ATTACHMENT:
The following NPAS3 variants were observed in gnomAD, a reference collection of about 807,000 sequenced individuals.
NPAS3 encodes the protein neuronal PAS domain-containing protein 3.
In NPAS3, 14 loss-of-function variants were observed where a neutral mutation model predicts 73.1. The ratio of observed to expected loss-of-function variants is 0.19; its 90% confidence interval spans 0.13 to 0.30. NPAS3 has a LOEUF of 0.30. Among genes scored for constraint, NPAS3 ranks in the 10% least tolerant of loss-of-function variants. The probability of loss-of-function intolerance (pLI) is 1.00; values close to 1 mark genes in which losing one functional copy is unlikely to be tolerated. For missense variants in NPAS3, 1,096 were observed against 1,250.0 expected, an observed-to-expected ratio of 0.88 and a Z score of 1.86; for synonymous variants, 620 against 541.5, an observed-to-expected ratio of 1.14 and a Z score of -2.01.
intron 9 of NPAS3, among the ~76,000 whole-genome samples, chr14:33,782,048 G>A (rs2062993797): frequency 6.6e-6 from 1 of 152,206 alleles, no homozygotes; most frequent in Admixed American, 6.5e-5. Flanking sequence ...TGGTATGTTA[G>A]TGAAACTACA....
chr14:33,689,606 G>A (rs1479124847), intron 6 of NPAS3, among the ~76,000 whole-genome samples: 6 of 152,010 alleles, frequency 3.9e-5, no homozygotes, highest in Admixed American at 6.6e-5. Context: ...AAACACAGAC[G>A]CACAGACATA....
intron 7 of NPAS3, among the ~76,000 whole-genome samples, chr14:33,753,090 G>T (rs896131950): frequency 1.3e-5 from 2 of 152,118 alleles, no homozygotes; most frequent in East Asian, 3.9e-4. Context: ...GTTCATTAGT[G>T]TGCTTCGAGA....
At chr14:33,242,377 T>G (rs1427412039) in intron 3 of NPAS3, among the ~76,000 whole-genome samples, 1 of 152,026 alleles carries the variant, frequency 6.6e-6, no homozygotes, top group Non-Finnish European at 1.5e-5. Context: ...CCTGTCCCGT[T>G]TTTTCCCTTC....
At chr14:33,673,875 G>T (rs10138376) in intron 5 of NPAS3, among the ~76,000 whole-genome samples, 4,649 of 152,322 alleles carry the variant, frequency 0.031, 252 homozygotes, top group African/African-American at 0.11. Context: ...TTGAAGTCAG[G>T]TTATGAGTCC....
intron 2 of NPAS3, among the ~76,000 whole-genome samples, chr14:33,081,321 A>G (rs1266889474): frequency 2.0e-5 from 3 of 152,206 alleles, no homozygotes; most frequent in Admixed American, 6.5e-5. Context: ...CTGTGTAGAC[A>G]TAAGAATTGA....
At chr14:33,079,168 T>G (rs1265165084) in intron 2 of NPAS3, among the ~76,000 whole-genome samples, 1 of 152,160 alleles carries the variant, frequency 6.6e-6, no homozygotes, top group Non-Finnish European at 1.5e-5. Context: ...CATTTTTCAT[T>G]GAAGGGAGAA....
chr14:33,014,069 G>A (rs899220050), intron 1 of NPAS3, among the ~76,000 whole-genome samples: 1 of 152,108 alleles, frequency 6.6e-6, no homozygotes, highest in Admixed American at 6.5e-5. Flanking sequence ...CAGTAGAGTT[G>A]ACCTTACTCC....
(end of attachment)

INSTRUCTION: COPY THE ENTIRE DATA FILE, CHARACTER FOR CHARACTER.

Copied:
The following NPAS3 variants were observed in gnomAD, a reference collection of about 807,000 sequenced individuals.
NPAS3 encodes the protein neuronal PAS domain-containing protein 3.
In NPAS3, 14 loss-of-function variants were observed where a neutral mutation model predicts 73.1. The ratio of observed to expected loss-of-function variants is 0.19; its 90% confidence interval spans 0.13 to 0.30. NPAS3 has a LOEUF of 0.30. Among genes scored for constraint, NPAS3 ranks in the 10% least tolerant of loss-of-function variants. The probability of loss-of-function intolerance (pLI) is 1.00; values close to 1 mark genes in which losing one functional copy is unlikely to be tolerated. For missense variants in NPAS3, 1,096 were observed against 1,250.0 expected, an observed-to-expected ratio of 0.88 and a Z score of 1.86; for synonymous variants, 620 against 541.5, an observed-to-expected ratio of 1.14 and a Z score of -2.01.
intron 9 of NPAS3, among the ~76,000 whole-genome samples, chr14:33,782,048 G>A (rs2062993797): frequency 6.6e-6 from 1 of 152,206 alleles, no homozygotes; most frequent in Admixed American, 6.5e-5. Flanking sequence ...TGGTATGTTA[G>A]TGAAACTACA....
chr14:33,689,606 G>A (rs1479124847), intron 6 of NPAS3, among the ~76,000 whole-genome samples: 6 of 152,010 alleles, frequency 3.9e-5, no homozygotes, highest in Admixed American at 6.6e-5. Context: ...AAACACAGAC[G>A]CACAGACATA....
intron 7 of NPAS3, among the ~76,000 whole-genome samples, chr14:33,753,090 G>T (rs896131950): frequency 1.3e-5 from 2 of 152,118 alleles, no homozygotes; most frequent in East Asian, 3.9e-4. Context: ...GTTCATTAGT[G>T]TGCTTCGAGA....
At chr14:33,242,377 T>G (rs1427412039) in intron 3 of NPAS3, among the ~76,000 whole-genome samples, 1 of 152,026 alleles carries the variant, frequency 6.6e-6, no homozygotes, top group Non-Finnish European at 1.5e-5. Context: ...CCTGTCCCGT[T>G]TTTTCCCTTC....
At chr14:33,673,875 G>T (rs10138376) in intron 5 of NPAS3, among the ~76,000 whole-genome samples, 4,649 of 152,322 alleles carry the variant, frequency 0.031, 252 homozygotes, top group African/African-American at 0.11. Context: ...TTGAAGTCAG[G>T]TTATGAGTCC....
intron 2 of NPAS3, among the ~76,000 whole-genome samples, chr14:33,081,321 A>G (rs1266889474): frequency 2.0e-5 from 3 of 152,206 alleles, no homozygotes; most frequent in Admixed American, 6.5e-5. Context: ...CTGTGTAGAC[A>G]TAAGAATTGA....
At chr14:33,079,168 T>G (rs1265165084) in intron 2 of NPAS3, among the ~76,000 whole-genome samples, 1 of 152,160 alleles carries the variant, frequency 6.6e-6, no homozygotes, top group Non-Finnish European at 1.5e-5. Context: ...CATTTTTCAT[T>G]GAAGGGAGAA....
chr14:33,014,069 G>A (rs899220050), intron 1 of NPAS3, among the ~76,000 whole-genome samples: 1 of 152,108 alleles, frequency 6.6e-6, no homozygotes, highest in Admixed American at 6.5e-5. Flanking sequence ...CAGTAGAGTT[G>A]ACCTTACTCC....